Neighbors clean up abandoned campsites in Highland Park woods in Greenfield

  • The Highland Park clean-up crew is, from left: Anna Morrison, Mitch Anthony, Debbie Kates, Marie-Francoise Hatte, Philip Elmer, Barbara Nichols Zaccheo, Corky Miller, Otis Wheeler, Sam Samuels and (behind the camera) Al Norman. CONTRIBUTED PHOTO

Staff Writer
Published: 9/16/2020 4:57:01 PM

GREENFIELD — At-Large City Councilor Philip Elmer enjoys walking through the woods in Highland Park like many other community members. So, when he came across a couple of abandoned campsites, he decided to clean up what was left behind.

“I was walking along one day and ran into a man who was living in one of the campsites,” Elmer said. “It was messy, and after a heavy rain, I noticed the man had left, but no one had picked up.”

Elmer spoke with city officials, including those at the Department of Public Works, which provided garbage bags and gloves. The at-large councilor then found people to help him clean the site.

“I called some friends in my neighborhood and they were more than willing to help,” Elmer said. “We all wore kerchiefs over our faces and practiced social distancing.”

Al Norman, who lives with his wife, Anna Morrison, on Grinnell Street, joined the effort Sunday morning.

“My wife, Anna, and I use the Temple Woods trails in all seasons,” Norman said. “It’s a great resource for all the residents of Greenfield, especially in COVID time, when people need some outdoor escape. We cleaned out two encampments and got everything cleaned down to the forest floor.”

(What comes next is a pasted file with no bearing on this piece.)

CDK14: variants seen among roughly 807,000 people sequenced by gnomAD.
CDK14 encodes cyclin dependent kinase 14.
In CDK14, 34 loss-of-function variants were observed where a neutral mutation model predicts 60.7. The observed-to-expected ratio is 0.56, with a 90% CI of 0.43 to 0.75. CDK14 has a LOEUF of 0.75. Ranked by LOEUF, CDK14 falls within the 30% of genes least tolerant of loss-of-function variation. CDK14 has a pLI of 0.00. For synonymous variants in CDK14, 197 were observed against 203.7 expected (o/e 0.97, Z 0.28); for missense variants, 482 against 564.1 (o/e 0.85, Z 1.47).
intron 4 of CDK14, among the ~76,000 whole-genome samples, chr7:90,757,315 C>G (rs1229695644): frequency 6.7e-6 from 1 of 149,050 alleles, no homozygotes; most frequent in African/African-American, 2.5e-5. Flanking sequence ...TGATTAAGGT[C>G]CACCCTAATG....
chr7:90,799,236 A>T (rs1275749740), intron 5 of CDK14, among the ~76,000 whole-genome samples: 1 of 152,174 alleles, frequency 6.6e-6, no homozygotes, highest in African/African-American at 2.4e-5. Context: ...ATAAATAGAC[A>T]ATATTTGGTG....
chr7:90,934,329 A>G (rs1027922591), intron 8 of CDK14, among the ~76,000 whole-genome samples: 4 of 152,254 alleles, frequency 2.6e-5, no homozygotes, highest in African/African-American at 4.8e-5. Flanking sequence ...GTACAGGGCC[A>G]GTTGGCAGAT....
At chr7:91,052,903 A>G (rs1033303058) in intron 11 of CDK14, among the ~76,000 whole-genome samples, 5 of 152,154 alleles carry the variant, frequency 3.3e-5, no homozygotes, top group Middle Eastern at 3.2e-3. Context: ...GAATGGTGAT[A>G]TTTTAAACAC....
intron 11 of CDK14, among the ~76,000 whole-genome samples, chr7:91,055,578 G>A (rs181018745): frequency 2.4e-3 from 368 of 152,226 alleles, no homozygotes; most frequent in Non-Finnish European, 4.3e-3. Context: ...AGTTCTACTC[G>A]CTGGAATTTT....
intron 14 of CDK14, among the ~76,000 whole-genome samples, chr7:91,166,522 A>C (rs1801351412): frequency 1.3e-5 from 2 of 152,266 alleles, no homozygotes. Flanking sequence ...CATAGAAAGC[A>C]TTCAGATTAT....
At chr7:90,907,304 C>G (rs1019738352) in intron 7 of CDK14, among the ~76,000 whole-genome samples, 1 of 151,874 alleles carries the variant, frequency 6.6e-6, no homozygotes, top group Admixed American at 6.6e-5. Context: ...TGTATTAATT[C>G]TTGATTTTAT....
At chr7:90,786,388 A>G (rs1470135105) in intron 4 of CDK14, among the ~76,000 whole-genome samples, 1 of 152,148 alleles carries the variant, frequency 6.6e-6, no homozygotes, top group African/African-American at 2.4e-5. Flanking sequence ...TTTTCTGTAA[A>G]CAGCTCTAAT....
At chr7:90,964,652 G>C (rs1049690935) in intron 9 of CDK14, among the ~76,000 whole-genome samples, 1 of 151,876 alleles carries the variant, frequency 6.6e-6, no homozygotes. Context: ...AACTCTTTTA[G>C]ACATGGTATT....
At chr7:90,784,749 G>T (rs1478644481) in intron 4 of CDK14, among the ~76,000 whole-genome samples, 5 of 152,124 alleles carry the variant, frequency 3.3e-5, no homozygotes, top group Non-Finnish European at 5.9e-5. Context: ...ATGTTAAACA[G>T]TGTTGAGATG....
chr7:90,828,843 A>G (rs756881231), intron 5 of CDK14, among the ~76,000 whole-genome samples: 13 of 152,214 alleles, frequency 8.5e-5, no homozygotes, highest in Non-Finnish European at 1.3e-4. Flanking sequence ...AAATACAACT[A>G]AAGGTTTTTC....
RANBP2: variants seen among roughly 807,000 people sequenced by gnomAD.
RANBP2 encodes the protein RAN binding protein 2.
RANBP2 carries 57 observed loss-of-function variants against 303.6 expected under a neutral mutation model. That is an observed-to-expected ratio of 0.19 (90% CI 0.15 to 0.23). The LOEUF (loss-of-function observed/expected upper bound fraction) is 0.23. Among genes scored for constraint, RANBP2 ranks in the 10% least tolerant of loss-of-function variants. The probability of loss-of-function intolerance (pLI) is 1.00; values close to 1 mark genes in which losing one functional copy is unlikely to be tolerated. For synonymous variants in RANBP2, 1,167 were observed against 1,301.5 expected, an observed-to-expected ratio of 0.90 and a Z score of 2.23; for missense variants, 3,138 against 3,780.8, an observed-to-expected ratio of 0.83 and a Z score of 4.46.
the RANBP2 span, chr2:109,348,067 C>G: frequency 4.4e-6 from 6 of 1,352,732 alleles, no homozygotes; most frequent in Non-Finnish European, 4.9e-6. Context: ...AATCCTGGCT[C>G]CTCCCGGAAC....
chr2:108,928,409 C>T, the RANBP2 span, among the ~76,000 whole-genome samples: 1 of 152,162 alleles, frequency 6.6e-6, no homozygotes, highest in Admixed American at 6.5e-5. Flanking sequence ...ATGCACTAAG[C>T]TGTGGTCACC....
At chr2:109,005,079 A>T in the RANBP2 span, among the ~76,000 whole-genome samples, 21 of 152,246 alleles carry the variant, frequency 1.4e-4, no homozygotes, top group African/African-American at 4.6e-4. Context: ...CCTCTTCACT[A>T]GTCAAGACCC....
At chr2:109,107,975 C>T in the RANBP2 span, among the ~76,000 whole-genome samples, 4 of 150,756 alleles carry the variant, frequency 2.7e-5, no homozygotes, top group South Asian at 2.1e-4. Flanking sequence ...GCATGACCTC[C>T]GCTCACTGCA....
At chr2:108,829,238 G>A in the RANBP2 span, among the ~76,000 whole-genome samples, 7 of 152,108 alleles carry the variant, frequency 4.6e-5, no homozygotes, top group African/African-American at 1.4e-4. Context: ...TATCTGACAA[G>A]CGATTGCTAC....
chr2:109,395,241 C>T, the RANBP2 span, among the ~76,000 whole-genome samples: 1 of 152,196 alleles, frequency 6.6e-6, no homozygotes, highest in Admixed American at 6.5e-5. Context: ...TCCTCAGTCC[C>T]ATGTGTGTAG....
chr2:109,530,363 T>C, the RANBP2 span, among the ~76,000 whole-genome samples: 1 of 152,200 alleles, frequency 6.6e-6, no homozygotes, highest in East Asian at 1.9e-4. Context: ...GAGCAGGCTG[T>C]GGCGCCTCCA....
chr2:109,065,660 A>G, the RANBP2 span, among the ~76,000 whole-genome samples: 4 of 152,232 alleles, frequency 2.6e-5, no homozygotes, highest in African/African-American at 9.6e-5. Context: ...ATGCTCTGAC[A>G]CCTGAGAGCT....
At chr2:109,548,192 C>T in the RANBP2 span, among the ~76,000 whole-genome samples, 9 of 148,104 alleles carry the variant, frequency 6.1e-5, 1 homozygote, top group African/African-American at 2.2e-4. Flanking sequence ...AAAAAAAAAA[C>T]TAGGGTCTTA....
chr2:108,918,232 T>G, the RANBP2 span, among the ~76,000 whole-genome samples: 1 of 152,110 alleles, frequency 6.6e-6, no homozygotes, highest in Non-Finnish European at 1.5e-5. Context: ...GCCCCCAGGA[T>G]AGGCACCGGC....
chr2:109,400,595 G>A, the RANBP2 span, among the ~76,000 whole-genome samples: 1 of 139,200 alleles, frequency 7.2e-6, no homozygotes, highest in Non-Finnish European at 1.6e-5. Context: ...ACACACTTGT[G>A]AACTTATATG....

Elmer said he threw cleaning supplies into his backpack, met nine neighbors in Highland Park’s parking lot, and they all hiked to the spot off the path in the woods.

“It only took us about an hour,” he said. “We filled bags with lots of trash, and because whoever was living there left three large tarps, we used them to pick up, wrap up and drag a bed frame, pillows, a mattress and other larger items. We even found a needle there.”

Elmer said the group hauled the tarps close to Mountain Road where the Eversource wires hang, so that the DPW could get its truck in to pick them up.

“I didn’t count how many bags we filled, but there were plenty,” he said. “We had bags with recyclables and garbage.”

Elmer said he and his neighbors were happy to pitch in by cleaning the site.

“The people who were living there have nothing,” he said. “The people who live nearby and are living well felt the least they could do was help. That’s social justice.”

The crew consisted of Elmer, Norman, Morrison, Mitch Anthony, Debbie Kates, Marie-Francoise Hatte, Barbara Nichols Zaccheo, Corky Miller, City Council Vice President Otis Wheeler and Sam Samuels.

Elmer said the effort was part of the annual Source to Sea Cleanup organized by the Connecticut River Conservancy, which provided the kerchiefs.

Although the Source to Sea Cleanup is typically held over just two days, due to the pandemic and congregation being discouraged, organizers planned the event to last throughout September this year. An orchestrated clean-up effort will, as usual, be held at the Green River Swimming and Recreation Area on Sept. 26, from 9 a.m. to 3 p.m.

“We just started a little early,” Elmer said.

Reach Anita Fritz at 413-772-9591 or afritz@recorder.com.

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